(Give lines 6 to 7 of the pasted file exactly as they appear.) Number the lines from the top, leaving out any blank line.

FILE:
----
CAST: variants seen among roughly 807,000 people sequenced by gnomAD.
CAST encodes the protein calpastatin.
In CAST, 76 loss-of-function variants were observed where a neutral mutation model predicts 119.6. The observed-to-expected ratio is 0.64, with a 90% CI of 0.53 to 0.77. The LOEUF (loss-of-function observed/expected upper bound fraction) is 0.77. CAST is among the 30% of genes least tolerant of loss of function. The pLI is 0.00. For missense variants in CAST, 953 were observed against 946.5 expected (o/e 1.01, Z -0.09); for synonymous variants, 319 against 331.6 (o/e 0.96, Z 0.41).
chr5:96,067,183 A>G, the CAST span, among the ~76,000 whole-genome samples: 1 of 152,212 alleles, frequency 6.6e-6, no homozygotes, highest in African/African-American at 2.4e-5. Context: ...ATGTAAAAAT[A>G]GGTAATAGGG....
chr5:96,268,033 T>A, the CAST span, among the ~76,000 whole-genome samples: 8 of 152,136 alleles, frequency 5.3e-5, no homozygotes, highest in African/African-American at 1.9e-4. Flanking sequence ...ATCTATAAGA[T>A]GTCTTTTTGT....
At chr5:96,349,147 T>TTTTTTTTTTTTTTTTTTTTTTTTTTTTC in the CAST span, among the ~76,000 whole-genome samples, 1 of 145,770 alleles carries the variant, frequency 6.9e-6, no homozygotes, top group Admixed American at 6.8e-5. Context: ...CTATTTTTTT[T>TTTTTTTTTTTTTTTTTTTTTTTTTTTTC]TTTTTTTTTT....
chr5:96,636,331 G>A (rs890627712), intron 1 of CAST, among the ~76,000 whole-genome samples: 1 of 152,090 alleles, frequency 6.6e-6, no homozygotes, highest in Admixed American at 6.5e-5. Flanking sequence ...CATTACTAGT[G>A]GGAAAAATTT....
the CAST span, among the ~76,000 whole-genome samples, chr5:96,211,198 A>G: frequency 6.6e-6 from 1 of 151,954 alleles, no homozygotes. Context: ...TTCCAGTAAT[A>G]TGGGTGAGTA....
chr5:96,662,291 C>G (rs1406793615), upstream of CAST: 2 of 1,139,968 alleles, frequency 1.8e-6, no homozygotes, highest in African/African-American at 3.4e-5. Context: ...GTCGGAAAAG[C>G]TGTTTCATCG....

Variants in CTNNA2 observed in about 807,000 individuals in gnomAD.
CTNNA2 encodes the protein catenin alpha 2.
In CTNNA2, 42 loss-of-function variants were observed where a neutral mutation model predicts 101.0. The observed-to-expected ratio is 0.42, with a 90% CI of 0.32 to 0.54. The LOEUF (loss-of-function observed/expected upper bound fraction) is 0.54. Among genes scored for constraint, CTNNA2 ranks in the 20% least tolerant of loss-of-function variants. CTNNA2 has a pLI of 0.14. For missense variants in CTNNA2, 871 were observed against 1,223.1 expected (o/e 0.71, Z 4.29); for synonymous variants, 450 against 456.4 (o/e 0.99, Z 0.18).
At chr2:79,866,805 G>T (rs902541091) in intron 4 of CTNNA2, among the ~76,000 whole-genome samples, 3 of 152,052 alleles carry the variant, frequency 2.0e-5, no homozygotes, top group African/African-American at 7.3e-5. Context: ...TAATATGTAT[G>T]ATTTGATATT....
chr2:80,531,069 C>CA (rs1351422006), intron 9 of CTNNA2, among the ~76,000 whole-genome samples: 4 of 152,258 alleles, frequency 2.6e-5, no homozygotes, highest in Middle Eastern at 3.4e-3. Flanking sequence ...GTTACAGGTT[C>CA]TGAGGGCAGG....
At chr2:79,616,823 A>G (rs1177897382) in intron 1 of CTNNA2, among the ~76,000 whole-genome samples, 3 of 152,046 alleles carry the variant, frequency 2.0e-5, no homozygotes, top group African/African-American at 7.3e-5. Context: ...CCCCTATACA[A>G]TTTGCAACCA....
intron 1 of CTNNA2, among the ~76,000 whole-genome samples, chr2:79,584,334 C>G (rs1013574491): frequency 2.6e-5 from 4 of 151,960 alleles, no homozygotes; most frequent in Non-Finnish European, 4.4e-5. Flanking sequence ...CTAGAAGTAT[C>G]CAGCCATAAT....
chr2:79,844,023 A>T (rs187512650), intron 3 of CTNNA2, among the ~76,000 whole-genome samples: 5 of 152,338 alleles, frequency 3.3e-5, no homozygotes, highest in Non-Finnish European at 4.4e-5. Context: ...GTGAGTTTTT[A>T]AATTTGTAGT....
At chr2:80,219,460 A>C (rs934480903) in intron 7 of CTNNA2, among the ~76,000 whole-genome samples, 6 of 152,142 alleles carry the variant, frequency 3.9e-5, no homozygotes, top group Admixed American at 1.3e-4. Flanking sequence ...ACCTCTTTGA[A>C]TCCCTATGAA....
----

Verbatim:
At chr5:96,349,147 T>TTTTTTTTTTTTTTTTTTTTTTTTTTTTC in the CAST span, among the ~76,000 whole-genome samples, 1 of 145,770 alleles carries the variant, frequency 6.9e-6, no homozygotes, top group Admixed American at 6.8e-5. Context: ...CTATTTTTTT[T>TTTTTTTTTTTTTTTTTTTTTTTTTTTTC]TTTTTTTTTT....
chr5:96,636,331 G>A (rs890627712), intron 1 of CAST, among the ~76,000 whole-genome samples: 1 of 152,090 alleles, frequency 6.6e-6, no homozygotes, highest in Admixed American at 6.5e-5. Flanking sequence ...CATTACTAGT[G>A]GGAAAAATTT....